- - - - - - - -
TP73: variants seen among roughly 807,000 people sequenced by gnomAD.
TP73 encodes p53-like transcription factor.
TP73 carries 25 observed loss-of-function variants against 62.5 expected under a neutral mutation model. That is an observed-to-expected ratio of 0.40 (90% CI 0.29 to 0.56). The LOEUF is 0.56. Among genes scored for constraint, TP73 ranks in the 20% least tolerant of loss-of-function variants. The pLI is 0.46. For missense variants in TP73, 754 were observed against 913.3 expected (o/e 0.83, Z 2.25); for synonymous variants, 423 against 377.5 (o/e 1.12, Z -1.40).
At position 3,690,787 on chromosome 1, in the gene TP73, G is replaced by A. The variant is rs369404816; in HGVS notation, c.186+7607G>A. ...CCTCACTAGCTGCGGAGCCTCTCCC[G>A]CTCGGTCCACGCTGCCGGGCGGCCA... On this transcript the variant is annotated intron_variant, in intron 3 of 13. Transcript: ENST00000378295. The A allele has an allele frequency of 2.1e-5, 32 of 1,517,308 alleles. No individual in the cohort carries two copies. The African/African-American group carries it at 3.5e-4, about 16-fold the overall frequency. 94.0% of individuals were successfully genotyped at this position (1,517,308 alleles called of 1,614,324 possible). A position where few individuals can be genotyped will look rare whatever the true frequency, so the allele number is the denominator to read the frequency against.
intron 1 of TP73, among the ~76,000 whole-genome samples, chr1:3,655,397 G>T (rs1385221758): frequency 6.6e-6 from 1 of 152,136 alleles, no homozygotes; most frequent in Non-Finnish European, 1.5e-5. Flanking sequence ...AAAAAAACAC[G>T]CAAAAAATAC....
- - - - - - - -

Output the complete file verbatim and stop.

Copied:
TP73: variants seen among roughly 807,000 people sequenced by gnomAD.
TP73 encodes p53-like transcription factor.
TP73 carries 25 observed loss-of-function variants against 62.5 expected under a neutral mutation model. That is an observed-to-expected ratio of 0.40 (90% CI 0.29 to 0.56). The LOEUF is 0.56. Among genes scored for constraint, TP73 ranks in the 20% least tolerant of loss-of-function variants. The pLI is 0.46. For missense variants in TP73, 754 were observed against 913.3 expected (o/e 0.83, Z 2.25); for synonymous variants, 423 against 377.5 (o/e 1.12, Z -1.40).
At position 3,690,787 on chromosome 1, in the gene TP73, G is replaced by A. The variant is rs369404816; in HGVS notation, c.186+7607G>A. ...CCTCACTAGCTGCGGAGCCTCTCCC[G>A]CTCGGTCCACGCTGCCGGGCGGCCA... On this transcript the variant is annotated intron_variant, in intron 3 of 13. Transcript: ENST00000378295. The A allele has an allele frequency of 2.1e-5, 32 of 1,517,308 alleles. No individual in the cohort carries two copies. The African/African-American group carries it at 3.5e-4, about 16-fold the overall frequency. 94.0% of individuals were successfully genotyped at this position (1,517,308 alleles called of 1,614,324 possible). A position where few individuals can be genotyped will look rare whatever the true frequency, so the allele number is the denominator to read the frequency against.
intron 1 of TP73, among the ~76,000 whole-genome samples, chr1:3,655,397 G>T (rs1385221758): frequency 6.6e-6 from 1 of 152,136 alleles, no homozygotes; most frequent in Non-Finnish European, 1.5e-5. Flanking sequence ...AAAAAAACAC[G>T]CAAAAAATAC....